Meanwhile Rose Bertin got very well paid and must have made some handsome profits
in those mad, hectic years.

Rose Bertin, indeed, considered herself indispen-
sable. Her shop was also always full, and the most
brilliant clientele flocked to it. All the nobility of
France and all the members of the diplomatic service
were among her customers. The wife of the Russian
Plenipotentiary, Princess Baratinsky, among others,
dealt with her, and was one of those whose bills were
not paid. She owed about 15,000 livres, and Rose
received 1,000 on account from Prince Baratinsky.
The balance for which she held the Princess's note of
hand was lost ; according to Russian law, debts of
more than ten years' standing cannot be recovered
legally, and the bill was never paid.

On all sides customers flocked to her, and even the
name of Vestris, the famous dancer, surnamed the God
of Dance, who was still at the Opera, is to be seen in
her books. The Marquis de Boisgelin gave his niece
a Devonshire hat worth 120 livres ; the Baronne de
la House ordered a Circassian dress, usually made of
gauze. The Baronne de Montviller, daughter of Mme.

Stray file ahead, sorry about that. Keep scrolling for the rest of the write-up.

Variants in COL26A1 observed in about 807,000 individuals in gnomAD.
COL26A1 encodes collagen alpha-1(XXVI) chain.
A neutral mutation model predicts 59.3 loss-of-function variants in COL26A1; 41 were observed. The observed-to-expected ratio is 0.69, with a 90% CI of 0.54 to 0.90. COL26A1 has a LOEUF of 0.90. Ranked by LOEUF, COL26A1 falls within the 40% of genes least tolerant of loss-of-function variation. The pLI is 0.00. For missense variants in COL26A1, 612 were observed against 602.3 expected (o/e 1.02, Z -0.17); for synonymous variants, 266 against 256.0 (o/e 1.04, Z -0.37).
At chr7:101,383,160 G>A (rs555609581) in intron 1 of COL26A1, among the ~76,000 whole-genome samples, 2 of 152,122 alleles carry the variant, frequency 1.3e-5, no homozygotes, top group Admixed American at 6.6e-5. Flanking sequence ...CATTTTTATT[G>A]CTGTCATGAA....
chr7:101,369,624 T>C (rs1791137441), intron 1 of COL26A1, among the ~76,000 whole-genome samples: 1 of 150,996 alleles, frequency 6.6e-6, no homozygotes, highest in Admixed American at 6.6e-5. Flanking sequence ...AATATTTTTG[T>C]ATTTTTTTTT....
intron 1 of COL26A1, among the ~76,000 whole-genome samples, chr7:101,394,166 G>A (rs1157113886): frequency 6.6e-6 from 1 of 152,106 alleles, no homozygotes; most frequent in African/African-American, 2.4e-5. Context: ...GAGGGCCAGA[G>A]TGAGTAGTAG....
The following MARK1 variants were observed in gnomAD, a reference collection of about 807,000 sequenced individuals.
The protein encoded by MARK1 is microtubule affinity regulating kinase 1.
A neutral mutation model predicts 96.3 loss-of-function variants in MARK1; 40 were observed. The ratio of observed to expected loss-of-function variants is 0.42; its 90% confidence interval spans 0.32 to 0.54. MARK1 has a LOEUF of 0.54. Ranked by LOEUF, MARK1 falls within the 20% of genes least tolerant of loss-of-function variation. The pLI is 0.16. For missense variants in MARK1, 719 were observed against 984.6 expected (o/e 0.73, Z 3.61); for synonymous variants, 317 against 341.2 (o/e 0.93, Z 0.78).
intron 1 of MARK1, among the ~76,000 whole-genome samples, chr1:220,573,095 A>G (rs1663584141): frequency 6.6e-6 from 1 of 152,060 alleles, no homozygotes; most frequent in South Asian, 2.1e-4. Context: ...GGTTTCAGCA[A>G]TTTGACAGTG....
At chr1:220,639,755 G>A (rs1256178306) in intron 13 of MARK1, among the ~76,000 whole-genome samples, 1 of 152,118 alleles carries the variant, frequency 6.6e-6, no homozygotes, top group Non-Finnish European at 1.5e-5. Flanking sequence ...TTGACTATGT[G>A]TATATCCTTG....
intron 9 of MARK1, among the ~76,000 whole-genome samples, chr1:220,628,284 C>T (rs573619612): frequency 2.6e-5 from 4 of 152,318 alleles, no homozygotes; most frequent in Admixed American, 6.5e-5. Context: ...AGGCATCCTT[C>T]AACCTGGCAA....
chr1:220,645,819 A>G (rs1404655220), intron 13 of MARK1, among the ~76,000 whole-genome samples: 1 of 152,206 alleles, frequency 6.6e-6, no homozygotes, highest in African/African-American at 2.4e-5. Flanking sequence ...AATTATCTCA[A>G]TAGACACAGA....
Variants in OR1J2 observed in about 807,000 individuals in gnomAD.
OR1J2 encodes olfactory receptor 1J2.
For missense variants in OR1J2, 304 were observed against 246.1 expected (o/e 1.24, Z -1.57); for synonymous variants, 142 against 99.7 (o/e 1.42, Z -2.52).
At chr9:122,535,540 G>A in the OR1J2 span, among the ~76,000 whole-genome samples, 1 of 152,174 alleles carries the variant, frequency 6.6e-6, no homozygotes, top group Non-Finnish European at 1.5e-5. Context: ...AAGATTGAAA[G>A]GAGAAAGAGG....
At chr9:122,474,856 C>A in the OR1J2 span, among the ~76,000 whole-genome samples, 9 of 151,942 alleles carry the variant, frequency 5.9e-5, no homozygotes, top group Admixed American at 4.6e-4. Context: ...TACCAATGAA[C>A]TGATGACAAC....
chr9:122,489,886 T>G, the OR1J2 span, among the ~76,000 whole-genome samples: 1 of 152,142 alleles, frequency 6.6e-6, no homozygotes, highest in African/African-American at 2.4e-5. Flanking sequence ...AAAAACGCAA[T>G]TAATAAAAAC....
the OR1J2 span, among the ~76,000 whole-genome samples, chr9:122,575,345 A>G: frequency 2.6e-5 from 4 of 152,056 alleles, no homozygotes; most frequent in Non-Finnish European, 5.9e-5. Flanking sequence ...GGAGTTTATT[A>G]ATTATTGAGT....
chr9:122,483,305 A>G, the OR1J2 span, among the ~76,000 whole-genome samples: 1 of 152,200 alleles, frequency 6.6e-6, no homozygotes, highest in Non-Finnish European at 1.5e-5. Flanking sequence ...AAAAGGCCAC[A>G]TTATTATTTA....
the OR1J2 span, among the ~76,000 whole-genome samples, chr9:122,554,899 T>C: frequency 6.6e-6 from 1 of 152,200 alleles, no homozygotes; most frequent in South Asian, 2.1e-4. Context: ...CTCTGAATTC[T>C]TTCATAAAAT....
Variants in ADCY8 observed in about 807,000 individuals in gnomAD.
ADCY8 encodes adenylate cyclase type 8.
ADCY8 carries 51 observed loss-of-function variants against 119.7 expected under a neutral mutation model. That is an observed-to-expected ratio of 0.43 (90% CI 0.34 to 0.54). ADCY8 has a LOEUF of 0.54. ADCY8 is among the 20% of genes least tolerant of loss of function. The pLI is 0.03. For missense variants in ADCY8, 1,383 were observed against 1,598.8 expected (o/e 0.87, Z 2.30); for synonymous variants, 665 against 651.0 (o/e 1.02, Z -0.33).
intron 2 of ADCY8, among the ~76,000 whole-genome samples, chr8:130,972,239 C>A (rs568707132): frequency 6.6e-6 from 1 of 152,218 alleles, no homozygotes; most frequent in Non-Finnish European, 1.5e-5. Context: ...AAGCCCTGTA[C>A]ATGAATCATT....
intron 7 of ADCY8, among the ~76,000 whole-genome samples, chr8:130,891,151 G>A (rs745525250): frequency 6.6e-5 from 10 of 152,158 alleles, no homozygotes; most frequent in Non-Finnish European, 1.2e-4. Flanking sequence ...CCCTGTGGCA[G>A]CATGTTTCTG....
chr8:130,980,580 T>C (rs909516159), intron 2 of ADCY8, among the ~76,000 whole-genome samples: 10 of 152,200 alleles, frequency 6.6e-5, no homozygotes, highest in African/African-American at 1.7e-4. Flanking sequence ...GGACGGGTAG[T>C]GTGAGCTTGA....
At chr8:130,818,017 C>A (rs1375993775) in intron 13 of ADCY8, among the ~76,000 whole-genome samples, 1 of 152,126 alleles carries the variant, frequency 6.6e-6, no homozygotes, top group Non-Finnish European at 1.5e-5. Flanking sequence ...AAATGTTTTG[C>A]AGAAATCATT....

de Misery ; the Marquis de Marboeuf, whose immense
grounds of the Champs-Ely sees constituted one of
the finest estates in Paris ; Viscomtesse Perigord, the
Marquis de Chabrillant, were to be seen in her shop,
and a long line of carriages with armorial bearings
stood at the door.

Her work at Court became more and more absorb-
ing, and at the instigation of Mme. Campan the
famous Beaulard, who for a long time had been skil-
fully manoeuvring to gain favour with the Queen and
her suite, was made her official collaborator.

The era of eccentricities, however, was nearing
its end. Without losing her taste for dress, the
Queen modified the fashion of her toilettes. It was an
abrupt change. It has been said that as the woman
gave place to the mother her taste became more simple.
This may have been the reason for the change, of
which we find mention in Mme. Campan's memoirs.
" The taste for dress to which the Queen was
addicted during the first years of the reign gave
place to a love for simplicity which she carried to an
unwise degree, the splendour and magnificence of the
throne being to a certain point inseparable in France
from the nation's interests.

Author:  baron de batz [ Sun Aug 16, 2009 6:43 pm ]
Post subject:  Re: Marie Antoinette and the Comte d'Artois.

Yes I think the Queen always had some dificulty finding the right balance. For this reason her motives were mis-interpreted....I think this pretty well sums up the reason for her tragic end...diffculty finding balance leading to misconceptions.